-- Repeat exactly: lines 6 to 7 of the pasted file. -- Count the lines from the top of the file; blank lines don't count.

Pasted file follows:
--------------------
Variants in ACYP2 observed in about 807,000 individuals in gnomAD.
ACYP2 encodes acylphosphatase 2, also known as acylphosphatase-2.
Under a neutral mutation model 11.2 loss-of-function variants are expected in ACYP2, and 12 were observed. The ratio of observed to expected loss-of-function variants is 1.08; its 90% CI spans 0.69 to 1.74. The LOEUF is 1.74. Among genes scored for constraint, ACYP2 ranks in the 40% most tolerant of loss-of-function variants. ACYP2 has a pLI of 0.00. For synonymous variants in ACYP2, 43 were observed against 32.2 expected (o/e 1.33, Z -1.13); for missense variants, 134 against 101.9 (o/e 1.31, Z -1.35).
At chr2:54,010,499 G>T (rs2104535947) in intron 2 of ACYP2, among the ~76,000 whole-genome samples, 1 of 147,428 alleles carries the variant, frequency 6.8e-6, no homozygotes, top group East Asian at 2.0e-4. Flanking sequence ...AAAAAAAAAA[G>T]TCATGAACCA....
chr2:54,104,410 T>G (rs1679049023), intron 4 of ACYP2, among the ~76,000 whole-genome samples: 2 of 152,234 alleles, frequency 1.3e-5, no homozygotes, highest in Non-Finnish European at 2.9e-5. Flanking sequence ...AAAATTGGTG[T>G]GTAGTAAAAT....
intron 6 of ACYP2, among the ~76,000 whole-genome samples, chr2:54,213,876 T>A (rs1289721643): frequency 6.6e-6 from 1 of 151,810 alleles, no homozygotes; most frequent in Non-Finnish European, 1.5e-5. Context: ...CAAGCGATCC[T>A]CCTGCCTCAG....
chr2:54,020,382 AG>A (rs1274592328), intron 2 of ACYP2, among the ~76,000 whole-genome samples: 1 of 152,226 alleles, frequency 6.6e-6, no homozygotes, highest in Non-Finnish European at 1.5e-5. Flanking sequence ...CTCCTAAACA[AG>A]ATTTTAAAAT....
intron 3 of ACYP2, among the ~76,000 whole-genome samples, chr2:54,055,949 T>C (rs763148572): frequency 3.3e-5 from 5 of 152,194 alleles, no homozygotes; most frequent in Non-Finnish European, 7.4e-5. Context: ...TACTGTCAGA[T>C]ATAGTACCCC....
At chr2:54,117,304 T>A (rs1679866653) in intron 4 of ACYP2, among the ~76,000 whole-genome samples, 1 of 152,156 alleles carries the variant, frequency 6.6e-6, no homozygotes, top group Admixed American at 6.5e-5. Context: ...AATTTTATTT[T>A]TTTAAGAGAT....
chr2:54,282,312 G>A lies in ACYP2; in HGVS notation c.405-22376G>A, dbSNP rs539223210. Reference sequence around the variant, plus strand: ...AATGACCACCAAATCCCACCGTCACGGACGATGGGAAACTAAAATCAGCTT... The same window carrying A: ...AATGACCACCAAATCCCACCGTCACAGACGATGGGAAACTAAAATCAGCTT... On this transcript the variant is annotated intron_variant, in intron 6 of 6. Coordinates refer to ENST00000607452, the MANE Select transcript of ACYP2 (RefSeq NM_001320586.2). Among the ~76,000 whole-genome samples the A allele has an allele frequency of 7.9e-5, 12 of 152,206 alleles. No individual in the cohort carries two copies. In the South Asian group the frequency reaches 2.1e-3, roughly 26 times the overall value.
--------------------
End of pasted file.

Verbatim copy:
intron 6 of ACYP2, among the ~76,000 whole-genome samples, chr2:54,213,876 T>A (rs1289721643): frequency 6.6e-6 from 1 of 151,810 alleles, no homozygotes; most frequent in Non-Finnish European, 1.5e-5. Context: ...CAAGCGATCC[T>A]CCTGCCTCAG....
chr2:54,020,382 AG>A (rs1274592328), intron 2 of ACYP2, among the ~76,000 whole-genome samples: 1 of 152,226 alleles, frequency 6.6e-6, no homozygotes, highest in Non-Finnish European at 1.5e-5. Flanking sequence ...CTCCTAAACA[AG>A]ATTTTAAAAT....